Johnny Gaudreau and Ryan Murray
The Canadian and American 23-and-under team has made fast friends as the World Cup approaches, and they're excited to play for each other at the tournament.
They've quickly become a favorite topic for water cooler talk and based on the exhibition results, we all know Team North America will challenge the older national squads at the World Cup. But there's gotta be a lot of pressure on these spry young lads as they prepare to face down the likes of Alex Ovechkin and Erik Karlsson, right?
“To be honest, it's been pretty loose,” said defenseman Ryan Murray. “No one's too shaky before the games, everyone is just having fun together. We don't have a nation or a flag to play for, so we're here for each other.”
The uniqueness of the team's composition – Canadian and American kids 23 and under – has also really helped the atmosphere off the ice. Many of the players were highly-touted coming into the NHL (heck, Auston Matthews hasn't even made his Maple Leafs debut yet) and have played each other for world junior titles or draft positioning. But for a couple weeks, they're all wearing the same jersey.
“We've had a blast,” said center Jack Eichel. “All these guys are awesome and we're pretty similar in our interests. For us to get to know each other, that's been one of the best parts so far.”
On other World Cup teams, leadership was probably a bit easier to peg. Ovechkin is a veteran superstar and an NHL captain, for example, while Sidney Crosby has worn the 'C' with success for Canada before. And while Connor McDavid is North America's captain, the usual dressing room dynamic has been different so far; there are no age barriers and the voices have been varied. On the ice, things have moved quickly and that could really benefit a team that has been formed out of the ether.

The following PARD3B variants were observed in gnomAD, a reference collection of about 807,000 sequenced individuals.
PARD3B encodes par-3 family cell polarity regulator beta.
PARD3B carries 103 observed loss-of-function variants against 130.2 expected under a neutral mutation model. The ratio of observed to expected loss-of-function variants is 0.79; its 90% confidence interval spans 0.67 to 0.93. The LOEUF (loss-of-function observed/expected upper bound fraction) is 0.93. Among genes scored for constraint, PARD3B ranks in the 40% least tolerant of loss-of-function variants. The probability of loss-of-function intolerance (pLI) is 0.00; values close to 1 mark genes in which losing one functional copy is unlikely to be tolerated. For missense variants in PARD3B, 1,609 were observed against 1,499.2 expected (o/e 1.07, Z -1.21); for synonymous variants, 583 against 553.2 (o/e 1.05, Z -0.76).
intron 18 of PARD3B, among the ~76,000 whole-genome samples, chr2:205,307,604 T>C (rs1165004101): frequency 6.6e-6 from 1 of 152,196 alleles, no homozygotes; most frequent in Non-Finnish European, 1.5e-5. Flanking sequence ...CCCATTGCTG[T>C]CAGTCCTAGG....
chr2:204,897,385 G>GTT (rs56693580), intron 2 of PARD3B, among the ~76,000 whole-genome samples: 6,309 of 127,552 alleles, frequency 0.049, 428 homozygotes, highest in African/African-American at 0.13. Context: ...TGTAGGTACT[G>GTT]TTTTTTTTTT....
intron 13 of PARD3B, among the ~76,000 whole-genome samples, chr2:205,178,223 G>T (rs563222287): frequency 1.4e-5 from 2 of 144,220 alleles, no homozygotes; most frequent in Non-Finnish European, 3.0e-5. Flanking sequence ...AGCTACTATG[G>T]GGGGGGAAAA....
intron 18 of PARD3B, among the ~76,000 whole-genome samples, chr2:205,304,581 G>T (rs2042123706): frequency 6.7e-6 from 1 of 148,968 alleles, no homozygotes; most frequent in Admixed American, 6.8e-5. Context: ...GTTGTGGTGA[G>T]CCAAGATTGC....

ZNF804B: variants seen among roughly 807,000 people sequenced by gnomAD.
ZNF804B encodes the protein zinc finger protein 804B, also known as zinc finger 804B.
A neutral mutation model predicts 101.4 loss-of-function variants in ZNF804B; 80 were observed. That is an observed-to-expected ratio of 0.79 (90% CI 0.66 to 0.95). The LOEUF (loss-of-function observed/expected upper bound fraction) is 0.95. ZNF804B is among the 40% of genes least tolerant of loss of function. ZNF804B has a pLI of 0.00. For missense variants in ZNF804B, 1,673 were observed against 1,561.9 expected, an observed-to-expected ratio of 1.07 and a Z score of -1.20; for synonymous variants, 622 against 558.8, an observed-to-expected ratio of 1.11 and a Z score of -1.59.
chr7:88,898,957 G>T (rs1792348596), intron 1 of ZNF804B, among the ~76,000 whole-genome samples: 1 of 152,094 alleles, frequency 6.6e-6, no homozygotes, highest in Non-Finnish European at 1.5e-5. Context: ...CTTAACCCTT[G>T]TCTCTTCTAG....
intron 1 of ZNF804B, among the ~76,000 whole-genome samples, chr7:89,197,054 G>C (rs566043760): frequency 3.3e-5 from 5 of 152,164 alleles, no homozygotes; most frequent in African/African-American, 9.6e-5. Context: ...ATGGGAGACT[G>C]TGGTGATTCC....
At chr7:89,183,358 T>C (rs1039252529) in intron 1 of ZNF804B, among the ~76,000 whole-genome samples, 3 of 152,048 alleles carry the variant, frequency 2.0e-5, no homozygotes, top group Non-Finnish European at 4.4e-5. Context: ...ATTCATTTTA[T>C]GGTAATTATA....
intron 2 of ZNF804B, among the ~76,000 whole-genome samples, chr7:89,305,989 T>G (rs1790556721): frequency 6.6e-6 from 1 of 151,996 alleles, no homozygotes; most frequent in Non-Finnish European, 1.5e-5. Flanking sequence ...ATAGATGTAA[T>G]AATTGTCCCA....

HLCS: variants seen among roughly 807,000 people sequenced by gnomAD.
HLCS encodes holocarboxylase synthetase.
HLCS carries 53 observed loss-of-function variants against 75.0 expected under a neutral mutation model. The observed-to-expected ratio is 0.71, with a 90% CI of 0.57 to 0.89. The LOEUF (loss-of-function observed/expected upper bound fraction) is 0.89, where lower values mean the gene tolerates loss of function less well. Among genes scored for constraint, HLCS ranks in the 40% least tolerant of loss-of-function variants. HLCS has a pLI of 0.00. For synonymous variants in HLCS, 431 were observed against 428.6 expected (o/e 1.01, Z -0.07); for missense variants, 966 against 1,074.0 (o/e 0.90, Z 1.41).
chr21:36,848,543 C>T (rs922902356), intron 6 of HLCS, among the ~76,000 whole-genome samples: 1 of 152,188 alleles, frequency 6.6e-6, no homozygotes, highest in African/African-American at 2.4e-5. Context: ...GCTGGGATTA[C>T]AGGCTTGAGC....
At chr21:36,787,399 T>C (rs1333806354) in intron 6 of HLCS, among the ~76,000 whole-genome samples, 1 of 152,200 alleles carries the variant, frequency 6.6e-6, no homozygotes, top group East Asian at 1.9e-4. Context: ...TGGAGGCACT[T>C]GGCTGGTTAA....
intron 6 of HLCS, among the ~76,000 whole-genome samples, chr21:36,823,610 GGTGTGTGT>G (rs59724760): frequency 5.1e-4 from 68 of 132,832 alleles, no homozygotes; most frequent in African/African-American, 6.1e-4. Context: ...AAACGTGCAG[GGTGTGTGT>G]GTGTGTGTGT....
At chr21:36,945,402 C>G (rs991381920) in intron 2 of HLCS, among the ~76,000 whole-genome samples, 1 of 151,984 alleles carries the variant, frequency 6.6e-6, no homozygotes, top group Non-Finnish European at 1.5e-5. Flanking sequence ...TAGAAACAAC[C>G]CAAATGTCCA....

“Everyone has created some chemistry,” Murray said. “You see guys like Morgan Rielly and Aaron Ekblad, who have never played together before, and they look really good as a pair. That's pretty rewarding to see.”
Perhaps the quick bonding off the ice can help explain that. With no real seniority, duties can happen organically. Players cited defenseman Seth Jones as the team's dressing room DJ, though the Blue Jackets standout was quick to minimize his skills.
“I wouldn't call myself a DJ,” Jones said. “I just put my phone on and turn on Spotify playlist. I mix it up for them a little bit. A lot of guys like hip hop before the game, so we've been going that route and maybe before practice we'll throw some country on.”
So far, the soundtrack has worked. North America blitzed Team Europe in its first two exhibition games and learned some valuable lessons about defense and pace in a loss to the Czechs. Now it's time for the real competition and the kids aren't shrinking from the challenge.
“It's exciting for all of us that we're young and we're in this tournament,” said defenseman Colton Parayko. “We're going to try to make some noise against the big squads. That's one of the fun things for us. We're all really excited about that.”
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